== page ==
The Value of the FREE Mary Kay Car

It’s exciting talking about the value of that “free” Mary Kay car, isn’t it? How great to imagine not having a car payment again. We’d all like to be driving “free,” wouldn’t we?

The trouble is that the “free” Mary Kay car is not so free after all. If you don’t meet your minimum monthly or quarterly production, be prepared to pay a copay. And unfortunately, those copays exceed the real value of the car.

Here are some numbers put together by a Mary Kay sales director:

Smoky Gray Vibe Crossover or G6 $375 X 48 months $18,000
Black Saturn Vue XE/ Saturn Aura XE $500 X 48 months $24,000
PINK Cadillac CTS, DTS, or SRX $900 X 48 months $43,200

Vibe or G6 $18,000 =
1) College education for one child.
2) Pay off credit cards and debt.
3) A down payment on a small home.
4) A nice retirement investment.

Saturn Vue or Aura $24,000 =
1) College education for one child.
2) Family vacations every year.
3) A down payment on a nice home.
4) A substantial retirement investment.

Cadillac CTS, DTS or SRX $43,000 =
1) College education for two children!
2) Vacation anywhere in the world!
3) A down payment on your DREAM HOME!
4) A GREAT retirement investment!

Did you spot one big problem with the numbers above? First off, the lease terms are only TWO years for the vehicles, so the above figures are total fiction.

Besides that, it’s not as if you’re given the usage of that car with no strings attached. The amount of work that sales directors put in to scrounge up enough orders from team members usually far exceeds the value of the cars on a monthly basis.

And don’t forget: This isn’t some gift that Mary Kay is giving to the sales force. The car program costs Mary Kay Inc. NOTHING. It is fully paid for by the production and co-pays. So any Mary Kay sales force member who thinks they’re getting something “for free” is completely in the fog. This is a car that you pay for over and over and over again.. just look at your credit card bill for proof!


  1. Philip Arlington

    You are off beam saying that the cars cost Mary Kay Inc. nothing. They have to be paid for like a company car offered by a legitimate company. What you mean is presumably that MK Inc hopes that the extra amount of income it will receive as a result of offering the car will exceed the cost to itself of the car scheme. Maybe they do, maybe they don’t. We don’t know whether this scheme boosts or harms MK Inc’s bottom line, but we do know is that the way the car scheme is sold to prospects is manipulative and crass.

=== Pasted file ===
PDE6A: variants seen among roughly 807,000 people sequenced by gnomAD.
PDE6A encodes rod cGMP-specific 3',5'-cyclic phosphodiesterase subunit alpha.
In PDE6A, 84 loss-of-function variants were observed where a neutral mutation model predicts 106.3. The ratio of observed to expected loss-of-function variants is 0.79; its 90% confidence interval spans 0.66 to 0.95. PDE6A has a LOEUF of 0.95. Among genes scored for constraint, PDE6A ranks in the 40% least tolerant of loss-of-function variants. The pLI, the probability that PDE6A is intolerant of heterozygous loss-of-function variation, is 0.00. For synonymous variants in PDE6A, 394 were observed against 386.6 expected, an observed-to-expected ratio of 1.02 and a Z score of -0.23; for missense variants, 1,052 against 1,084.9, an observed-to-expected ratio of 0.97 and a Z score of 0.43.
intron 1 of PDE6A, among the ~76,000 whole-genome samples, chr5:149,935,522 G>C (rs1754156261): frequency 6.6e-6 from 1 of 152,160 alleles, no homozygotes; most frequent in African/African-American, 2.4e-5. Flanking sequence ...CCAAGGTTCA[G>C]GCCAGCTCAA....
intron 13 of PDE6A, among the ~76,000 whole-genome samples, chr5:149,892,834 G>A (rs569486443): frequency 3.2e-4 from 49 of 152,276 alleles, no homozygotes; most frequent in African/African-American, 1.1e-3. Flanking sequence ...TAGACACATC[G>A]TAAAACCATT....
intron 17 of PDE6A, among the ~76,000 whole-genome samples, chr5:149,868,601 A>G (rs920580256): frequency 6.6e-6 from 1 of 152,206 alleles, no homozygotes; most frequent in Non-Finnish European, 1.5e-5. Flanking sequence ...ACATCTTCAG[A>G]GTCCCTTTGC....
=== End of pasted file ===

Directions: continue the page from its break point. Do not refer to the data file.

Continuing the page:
1. TRACY

      You’re wrong, Phillip. The way the car program is set up, the company receives revenue several months in advance of paying anything for the car. And this revenue is essentially inflated…. done for the purpose of getting the car… in an amount well above what the car costs. The company ha set the program up in a way that the company will never lose. They always win because the level of wholesale orders that the recruiters have to push far exceeds any cost of the car.

    2. Lazy Gardens

      Philip … MK Inc hopes that the extra amount of income it will receive as a result of offering the car will exceed the cost to itself of the car scheme

      Hopes? Hell no. Mary Kay has the program set so that they are at zero risk to their bottom line. Here’s how.

      1 – Mary Kay is getting “fleet rates” on leasing those cars from the manufacturer, so they are spending less per car on leases than a single-car lease would.

      They don’t have a lot full of them waiting for someone to qualify, they order them as needed and the luck woman picks it up at a local dealer.

      2 – As Tracy said, there are a few months of required high production to “qualify” for the car program. And if your team doesn’t order enough, oh well, they still have all that money from the attempt.

      3 – After qualifying, if the car’s driver and her downline don’t order enough product, the car’s driver has to pay a “co-pay”, which is deducted from her commissions or billed to her if her commissions aren’t high enough. By a stunning coincidence, the maximum co-pay is higher than a consumer lease on that kind of car from a normal leasing company (we’ve done the calculations).

      So when you add up the first three factors: worst case is that MK makes enough from the car-driving unit to cover the cost of the lease and the processing.

      Best case is that a unit tries several times to qualify and fails, because MK gets all that extra ordering and doesn’t have to hand over a car.

      4 – Mary Kay brags about picking up 85% of the insurance payment. The catch is that the cars MUST be insured through their company, and the cost of the insurance is really high. The IBC’s 15% is often higher than the cost of adding another car to the IBC’s existing insurance policy.

  2. Shirley brown

    I did m k about 10 years ago and found that being a director was hard word n trying to recruit was not fun so I left mk glad I was not stuck w rooms full of mk products bought my own Cadillac thanks mk but no thanks

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